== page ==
Editorial: MayDay: It’s not about skipping classesPublished: April 28, 2006
Many of our parents were once immigrants in this country. Even Native Americans are decended from ancestors that immigrated here over the Bering Straight. Native-born American citizens should all be thankful that, beacause our ancestors traveled to this country, we were granted full citizenship, whih allows us to enjoy the rights and freedoms that we here in America tend to underestimate the value of.
We tend to take the pleasures of citizenship for granted. However, some people do not receive those same benefits, even though they live in the United States. Some have lived here for many years, but are not recognized as citizens.
No matter how you feel about immigration, it is heartening to see that there is an energetic dialogue in this nation about a real, important issue. People are having true debates about immigration, instead of denying that immigrants are here.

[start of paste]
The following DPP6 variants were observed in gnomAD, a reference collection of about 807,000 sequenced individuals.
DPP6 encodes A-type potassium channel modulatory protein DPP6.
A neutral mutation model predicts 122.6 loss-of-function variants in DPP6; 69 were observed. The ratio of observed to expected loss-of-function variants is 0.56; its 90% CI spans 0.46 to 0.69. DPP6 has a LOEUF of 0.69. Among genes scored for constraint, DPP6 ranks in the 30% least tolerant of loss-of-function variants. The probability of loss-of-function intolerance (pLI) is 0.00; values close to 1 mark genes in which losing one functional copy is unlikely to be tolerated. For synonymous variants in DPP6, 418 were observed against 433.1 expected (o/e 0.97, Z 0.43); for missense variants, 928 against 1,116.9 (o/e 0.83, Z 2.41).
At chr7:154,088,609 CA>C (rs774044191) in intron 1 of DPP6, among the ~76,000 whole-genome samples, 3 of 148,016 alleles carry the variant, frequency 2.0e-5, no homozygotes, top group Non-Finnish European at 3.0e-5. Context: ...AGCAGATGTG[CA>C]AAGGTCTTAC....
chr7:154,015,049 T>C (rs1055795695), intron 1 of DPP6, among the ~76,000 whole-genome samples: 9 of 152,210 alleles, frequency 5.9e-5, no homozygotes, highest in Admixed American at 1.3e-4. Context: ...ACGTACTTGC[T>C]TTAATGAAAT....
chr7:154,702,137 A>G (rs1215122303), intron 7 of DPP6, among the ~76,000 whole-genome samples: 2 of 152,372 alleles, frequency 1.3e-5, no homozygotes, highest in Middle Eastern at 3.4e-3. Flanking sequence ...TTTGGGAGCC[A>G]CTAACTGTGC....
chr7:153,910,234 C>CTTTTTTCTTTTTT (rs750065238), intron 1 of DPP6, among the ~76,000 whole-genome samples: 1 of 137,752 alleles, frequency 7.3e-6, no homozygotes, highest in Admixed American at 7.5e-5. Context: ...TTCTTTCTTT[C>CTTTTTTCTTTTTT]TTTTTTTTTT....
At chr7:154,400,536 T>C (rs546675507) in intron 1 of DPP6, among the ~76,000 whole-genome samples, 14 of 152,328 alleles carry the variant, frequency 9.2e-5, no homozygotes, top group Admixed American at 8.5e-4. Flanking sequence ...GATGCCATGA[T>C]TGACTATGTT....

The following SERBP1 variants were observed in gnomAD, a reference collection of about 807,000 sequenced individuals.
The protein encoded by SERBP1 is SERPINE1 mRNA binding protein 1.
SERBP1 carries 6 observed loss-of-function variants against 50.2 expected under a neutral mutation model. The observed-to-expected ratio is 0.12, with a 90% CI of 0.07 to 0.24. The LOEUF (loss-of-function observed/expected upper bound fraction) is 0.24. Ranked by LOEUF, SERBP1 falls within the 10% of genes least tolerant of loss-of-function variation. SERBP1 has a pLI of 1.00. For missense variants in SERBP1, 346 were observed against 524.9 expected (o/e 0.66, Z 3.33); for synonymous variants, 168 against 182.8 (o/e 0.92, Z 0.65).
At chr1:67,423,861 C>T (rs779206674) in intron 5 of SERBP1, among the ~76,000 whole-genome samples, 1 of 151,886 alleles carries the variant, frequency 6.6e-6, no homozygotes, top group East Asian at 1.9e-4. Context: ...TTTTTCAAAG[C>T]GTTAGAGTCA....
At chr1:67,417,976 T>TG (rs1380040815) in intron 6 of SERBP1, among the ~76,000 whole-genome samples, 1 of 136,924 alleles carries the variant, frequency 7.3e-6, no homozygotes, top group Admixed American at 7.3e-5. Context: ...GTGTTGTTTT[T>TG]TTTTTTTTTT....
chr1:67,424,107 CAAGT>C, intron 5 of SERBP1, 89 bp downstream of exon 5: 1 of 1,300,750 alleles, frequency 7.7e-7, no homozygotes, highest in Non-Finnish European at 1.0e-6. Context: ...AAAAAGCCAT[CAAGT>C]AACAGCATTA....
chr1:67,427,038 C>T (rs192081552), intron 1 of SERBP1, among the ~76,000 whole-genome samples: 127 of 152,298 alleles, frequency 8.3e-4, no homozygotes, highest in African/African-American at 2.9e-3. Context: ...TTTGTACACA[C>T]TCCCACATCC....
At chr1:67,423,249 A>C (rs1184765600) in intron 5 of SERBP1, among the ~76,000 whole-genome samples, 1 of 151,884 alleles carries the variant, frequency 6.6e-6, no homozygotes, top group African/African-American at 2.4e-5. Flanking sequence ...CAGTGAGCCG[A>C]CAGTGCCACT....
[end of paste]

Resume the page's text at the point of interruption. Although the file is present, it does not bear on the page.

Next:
Substantial concepts, like border security, economic inequality, and the meaning of citizenship, are being contemplated here. Americans are taking to the streets, protesting in record numbers for this cause. Protesting for ones beliefs: Imagine that!
On May 1, MayDay, another protest will occur in Harvard Square regarding this contentious issue. Assistant Dean of Student Life in Support of Diversity Jamele Adams is putting a day of events together on MayDay so that students can get together and think about immigration.
We urge you to consider attending these events. But remember, its not about skipping class. Its about representing your views and broadening your perspective. Its about having an open discussion about an issue that affects millions of Americans.
Its important to check out the events during MayDay. Why? Because, no matter where you live, illegal immigrants probably live in your community. Because your ancestors were once immigrants. Because its important.